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‘Free’ police coverage has a high price tag

May 5, 2016

In the last few weeks, editorials and op-ed articles have appeared in newspapers around the state in reaction to the Associated Press story about “free” state police coverage.

pspThe AP noted that nearly half of Pennsylvania’s municipalities rely on the State Police for all of their police protection, and others for at least some coverage. Municipalities are able take advantage of this coverage at no additional cost.

This has increased the cost of operation for the State Police, without any additional revenue to pay for it. Residents of communities that have local police forces or participate in regional police coverage pay twice – for their local coverage, and for State Police coverage in municipalities that rely on State Police.

Gerald Cross, executive director of the Pennsylvania Economy League Central Division, commented about this problem with an op-ed article published in several newspapers. You can read the entire article here.

“Mandating that all 2,561 municipalities have their own police departments is unrealistic. One alternative is to require payment for state police services,” Cross wrote. “A more comprehensive and long-term, albeit more complicated, option is to create a mechanism for local government tax-base sharing to deliver all types of critical services more effectively on a regional level. One thing is clear: A wide-ranging discussion of how local governments in Pennsylvania provide services is long overdue.”

The growing cost leads the General Assembly and administration to divert increasing resources from the Motor License Fund.  More than $800 million is proposed to be shifted from the Motor License Fund to pay for the State Police in the 2016-17 fiscal year budget. This means that fewer transportation improvement projects will be funded.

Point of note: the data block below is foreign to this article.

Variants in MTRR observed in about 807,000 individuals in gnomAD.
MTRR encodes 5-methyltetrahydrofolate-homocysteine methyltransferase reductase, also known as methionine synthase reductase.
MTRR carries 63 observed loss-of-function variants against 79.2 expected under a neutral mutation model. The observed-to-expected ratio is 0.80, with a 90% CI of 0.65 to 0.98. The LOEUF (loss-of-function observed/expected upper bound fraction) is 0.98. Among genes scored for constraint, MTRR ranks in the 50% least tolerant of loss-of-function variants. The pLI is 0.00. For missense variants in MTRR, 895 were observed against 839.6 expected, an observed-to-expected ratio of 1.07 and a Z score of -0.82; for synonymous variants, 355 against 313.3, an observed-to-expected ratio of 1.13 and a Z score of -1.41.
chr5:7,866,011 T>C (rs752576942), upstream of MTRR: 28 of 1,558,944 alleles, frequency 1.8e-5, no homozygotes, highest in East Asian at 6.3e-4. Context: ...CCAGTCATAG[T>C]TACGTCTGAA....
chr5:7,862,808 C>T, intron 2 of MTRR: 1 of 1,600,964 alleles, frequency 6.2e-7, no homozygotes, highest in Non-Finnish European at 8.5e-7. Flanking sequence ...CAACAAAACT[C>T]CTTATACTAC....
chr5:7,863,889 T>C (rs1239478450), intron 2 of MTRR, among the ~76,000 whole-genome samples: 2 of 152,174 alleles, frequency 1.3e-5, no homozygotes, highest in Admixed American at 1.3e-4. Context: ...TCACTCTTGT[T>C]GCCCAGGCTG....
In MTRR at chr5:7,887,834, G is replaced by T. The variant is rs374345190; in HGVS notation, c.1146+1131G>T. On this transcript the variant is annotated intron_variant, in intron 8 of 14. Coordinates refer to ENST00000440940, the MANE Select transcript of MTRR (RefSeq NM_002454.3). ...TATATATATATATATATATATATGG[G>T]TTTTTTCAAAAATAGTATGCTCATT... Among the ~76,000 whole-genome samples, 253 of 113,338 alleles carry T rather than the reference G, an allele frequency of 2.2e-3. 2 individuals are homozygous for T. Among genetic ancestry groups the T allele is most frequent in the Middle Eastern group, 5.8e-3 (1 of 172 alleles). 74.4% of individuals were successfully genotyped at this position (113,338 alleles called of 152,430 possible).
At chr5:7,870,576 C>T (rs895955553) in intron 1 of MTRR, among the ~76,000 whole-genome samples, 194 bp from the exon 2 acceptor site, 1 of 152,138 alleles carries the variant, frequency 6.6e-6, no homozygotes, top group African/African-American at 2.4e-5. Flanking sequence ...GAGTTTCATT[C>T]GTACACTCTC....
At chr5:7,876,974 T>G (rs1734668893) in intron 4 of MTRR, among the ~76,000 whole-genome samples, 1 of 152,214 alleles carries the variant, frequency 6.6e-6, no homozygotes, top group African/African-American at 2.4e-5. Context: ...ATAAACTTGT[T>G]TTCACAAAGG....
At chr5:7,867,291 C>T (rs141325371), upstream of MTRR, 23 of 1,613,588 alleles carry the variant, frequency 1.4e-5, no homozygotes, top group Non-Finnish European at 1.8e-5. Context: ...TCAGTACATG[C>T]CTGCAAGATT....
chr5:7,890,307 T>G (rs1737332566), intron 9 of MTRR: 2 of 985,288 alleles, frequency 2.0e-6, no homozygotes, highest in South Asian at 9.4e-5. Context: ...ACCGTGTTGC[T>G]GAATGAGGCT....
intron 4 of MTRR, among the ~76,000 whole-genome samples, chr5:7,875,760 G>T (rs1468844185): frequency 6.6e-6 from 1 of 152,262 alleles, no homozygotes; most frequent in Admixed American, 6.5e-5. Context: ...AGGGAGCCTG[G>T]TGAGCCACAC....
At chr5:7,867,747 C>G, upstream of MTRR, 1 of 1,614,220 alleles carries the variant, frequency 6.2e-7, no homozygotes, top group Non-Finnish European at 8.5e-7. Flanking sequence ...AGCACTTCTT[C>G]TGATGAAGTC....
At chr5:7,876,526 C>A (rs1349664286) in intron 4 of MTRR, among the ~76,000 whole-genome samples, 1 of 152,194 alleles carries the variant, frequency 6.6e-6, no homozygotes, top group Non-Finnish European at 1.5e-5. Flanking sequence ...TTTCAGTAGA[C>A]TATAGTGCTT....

“The growing cost to the State Police for providing local police coverage should not come at the expense of transportation improvement projects,” PHIA Managing Director Jason Wagner said. “Act 89 was a huge step forward in improving our roads and bridges, but it cannot work as well as it should if increasing transportation dollars continue to be used for ‘free’ State Police coverage.”

 

One Comment on this post.

  1. Chupacabra
    May 9, 2016 at 11:17 pm
  2. Local police are expensive. In communities with local police departments, the cost is often the largest annual expenditure. Pennsylvania Economy League research shows that the total tax revenue in some cities has declined to the point that it fails to cover the escalating cost of services like police. This can lead municipalities to cut staff in their police departments, replace full-time officers with less expensive, but less effective, part-timers or even eliminate their local police protection.

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